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Australia’s back in the satellite business with a new launch

An artist’s impression of the UNSW-EC0 cubesat in Earth’s orbit. UNSW, Author provided

Australia’s back in the satellite business with a new launch

An artist’s impression of the UNSW-EC0 cubesat in Earth’s orbit. UNSW, Author provided

The first Australian-built satellites to be launched in 15 years are set to take off this week from Cape Canaveral in Florida.

Unlike the enormous satellites Australia uses for telecommunications, each of these new satellites is the size of a loaf of bread. But although small, they may provide a key step in enabling Australia’s entry into the global satellite market.

Three types of cubesats are the Australian contribution to the international QB50 mission, in which 36 satellites from different institutions around the world will carry instruments provided by the Von Karman Institute (VKI) to examine the lower thermosphere. This is a very interesting part of the atmosphere for several reasons, such as the way it disturbs GPS measurements.

The cubesats will be first delivered to the International Space Station, and then released into their orbits.

One of Australia’s entries in the cubesat race to space.

The three teams that developed the Australian cubesats are: one from UNSW, one collaboration between the University of Sydney, the Australian National University and UNSW, and one collaboration between the universities of Adelaide and South Australia.

Once the VKI instrument and support systems (power, communications, and so on) are installed, there is still room for the teams to install payloads of their own.

PhD student Ben Southwell working on the loaf-sized UNSW-ECO satellite at AITC. UNSW, Author provided

The UNSW cubesat, known as UNSW-EC0, is running four experiments including a GPS receiver, and two boards testing radiation-robust software and self-healing electronics. The fourth experiment is to test the satellite’s chassis, built using a 3D-printed material never before flown in space.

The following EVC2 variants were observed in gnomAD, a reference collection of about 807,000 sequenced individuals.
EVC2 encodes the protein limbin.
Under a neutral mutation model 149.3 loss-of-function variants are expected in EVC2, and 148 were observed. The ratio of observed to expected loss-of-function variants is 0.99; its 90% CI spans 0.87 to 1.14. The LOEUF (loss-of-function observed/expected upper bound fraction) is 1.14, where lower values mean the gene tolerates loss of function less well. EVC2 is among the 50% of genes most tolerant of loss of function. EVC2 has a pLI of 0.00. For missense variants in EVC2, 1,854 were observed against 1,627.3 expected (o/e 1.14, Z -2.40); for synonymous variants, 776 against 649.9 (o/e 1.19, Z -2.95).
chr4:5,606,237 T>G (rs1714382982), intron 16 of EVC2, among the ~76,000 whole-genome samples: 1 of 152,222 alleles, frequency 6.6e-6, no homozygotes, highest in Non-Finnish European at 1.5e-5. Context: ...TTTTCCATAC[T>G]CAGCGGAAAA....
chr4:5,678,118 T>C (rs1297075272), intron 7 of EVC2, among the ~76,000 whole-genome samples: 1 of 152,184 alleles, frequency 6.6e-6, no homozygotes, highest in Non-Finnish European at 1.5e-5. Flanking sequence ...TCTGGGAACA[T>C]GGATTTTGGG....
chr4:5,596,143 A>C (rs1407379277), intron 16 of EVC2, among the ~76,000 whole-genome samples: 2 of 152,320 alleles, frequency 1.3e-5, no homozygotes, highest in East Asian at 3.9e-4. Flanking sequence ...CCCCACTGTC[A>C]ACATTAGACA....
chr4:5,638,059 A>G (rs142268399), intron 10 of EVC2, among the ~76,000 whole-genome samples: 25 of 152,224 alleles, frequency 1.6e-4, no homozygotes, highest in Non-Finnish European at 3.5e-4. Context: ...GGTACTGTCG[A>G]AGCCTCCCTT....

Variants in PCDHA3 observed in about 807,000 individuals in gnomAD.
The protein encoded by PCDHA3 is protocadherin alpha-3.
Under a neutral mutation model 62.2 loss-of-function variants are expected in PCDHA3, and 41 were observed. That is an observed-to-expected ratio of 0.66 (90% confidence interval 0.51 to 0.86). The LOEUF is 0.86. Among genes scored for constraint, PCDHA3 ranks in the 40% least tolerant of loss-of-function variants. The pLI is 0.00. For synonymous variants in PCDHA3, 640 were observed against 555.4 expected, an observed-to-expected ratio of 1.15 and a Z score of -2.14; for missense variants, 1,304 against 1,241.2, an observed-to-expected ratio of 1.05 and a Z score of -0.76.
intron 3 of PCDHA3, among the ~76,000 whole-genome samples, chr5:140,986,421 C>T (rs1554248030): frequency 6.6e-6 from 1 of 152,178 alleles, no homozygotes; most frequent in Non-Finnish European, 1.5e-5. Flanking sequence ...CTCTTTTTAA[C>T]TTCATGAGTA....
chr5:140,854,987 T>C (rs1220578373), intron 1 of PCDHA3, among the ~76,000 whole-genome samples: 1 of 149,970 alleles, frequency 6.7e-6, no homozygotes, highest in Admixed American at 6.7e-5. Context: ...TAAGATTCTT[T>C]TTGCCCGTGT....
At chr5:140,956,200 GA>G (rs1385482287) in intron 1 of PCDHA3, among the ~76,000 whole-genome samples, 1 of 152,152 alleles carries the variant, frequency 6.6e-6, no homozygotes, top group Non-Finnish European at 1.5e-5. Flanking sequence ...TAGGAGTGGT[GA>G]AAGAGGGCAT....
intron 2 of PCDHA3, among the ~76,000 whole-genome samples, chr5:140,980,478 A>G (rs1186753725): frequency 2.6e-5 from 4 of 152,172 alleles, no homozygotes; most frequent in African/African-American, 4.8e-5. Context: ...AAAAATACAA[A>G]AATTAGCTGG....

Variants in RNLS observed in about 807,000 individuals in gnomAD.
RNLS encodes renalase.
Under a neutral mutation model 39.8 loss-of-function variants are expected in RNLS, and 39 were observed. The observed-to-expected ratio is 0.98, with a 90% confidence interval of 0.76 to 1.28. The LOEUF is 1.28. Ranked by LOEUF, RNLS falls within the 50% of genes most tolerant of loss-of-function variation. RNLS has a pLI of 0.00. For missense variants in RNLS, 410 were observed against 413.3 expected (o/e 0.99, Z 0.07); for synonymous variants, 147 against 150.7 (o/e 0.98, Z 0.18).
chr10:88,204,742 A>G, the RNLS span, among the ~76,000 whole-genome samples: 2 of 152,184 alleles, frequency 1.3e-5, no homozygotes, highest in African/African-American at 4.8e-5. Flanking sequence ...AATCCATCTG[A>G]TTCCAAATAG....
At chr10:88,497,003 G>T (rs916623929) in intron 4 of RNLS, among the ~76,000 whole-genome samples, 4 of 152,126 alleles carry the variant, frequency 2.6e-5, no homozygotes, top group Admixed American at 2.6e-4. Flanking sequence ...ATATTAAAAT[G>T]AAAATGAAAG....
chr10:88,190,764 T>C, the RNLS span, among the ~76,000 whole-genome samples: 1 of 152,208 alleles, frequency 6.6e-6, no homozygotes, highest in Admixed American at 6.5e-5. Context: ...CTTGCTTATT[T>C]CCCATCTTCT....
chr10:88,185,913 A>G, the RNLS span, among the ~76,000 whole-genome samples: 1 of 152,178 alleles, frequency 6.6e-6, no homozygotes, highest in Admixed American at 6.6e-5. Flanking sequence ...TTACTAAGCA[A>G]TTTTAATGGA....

The launch is significant, not just because it is so long since Australia built satellites, but because it could be the start of something much bigger.

Small is good

Globally, the space industry had an estimated US$335 billion (AU$440 billion) turnover in 2015. It’s expected to reach US$1 trillion (AU$1.3 trillion) by 2030.

This is an innovation sector Australia cannot ignore, and small satellites – especially nano-satellites or cubesats – offer Australia a way in.

According to a report last month by Allied Market Research, the small satellite market is expected to be worth US$7 billion (AU$9.2 billion) by 2020, with a compound annual growth rate of about 20%.

Artist’s impression of UNSW-ECO in orbit. UNSW, Author provided

Analyst Spaceworks said in February that by 2023, the requirement for launches in the 1kg to 50kg class will be 320 to 460 satellites per year, more than 70% of them for commercial purposes.

Another analyst Euroconsult last year said there would be more than 3,500 small satellite launches in the next decade, worth US$22 billion (AU$29 billion) with launch earnings of US$5.3 billion (AU$7 billion). That’s a 76% increase over the previous decade.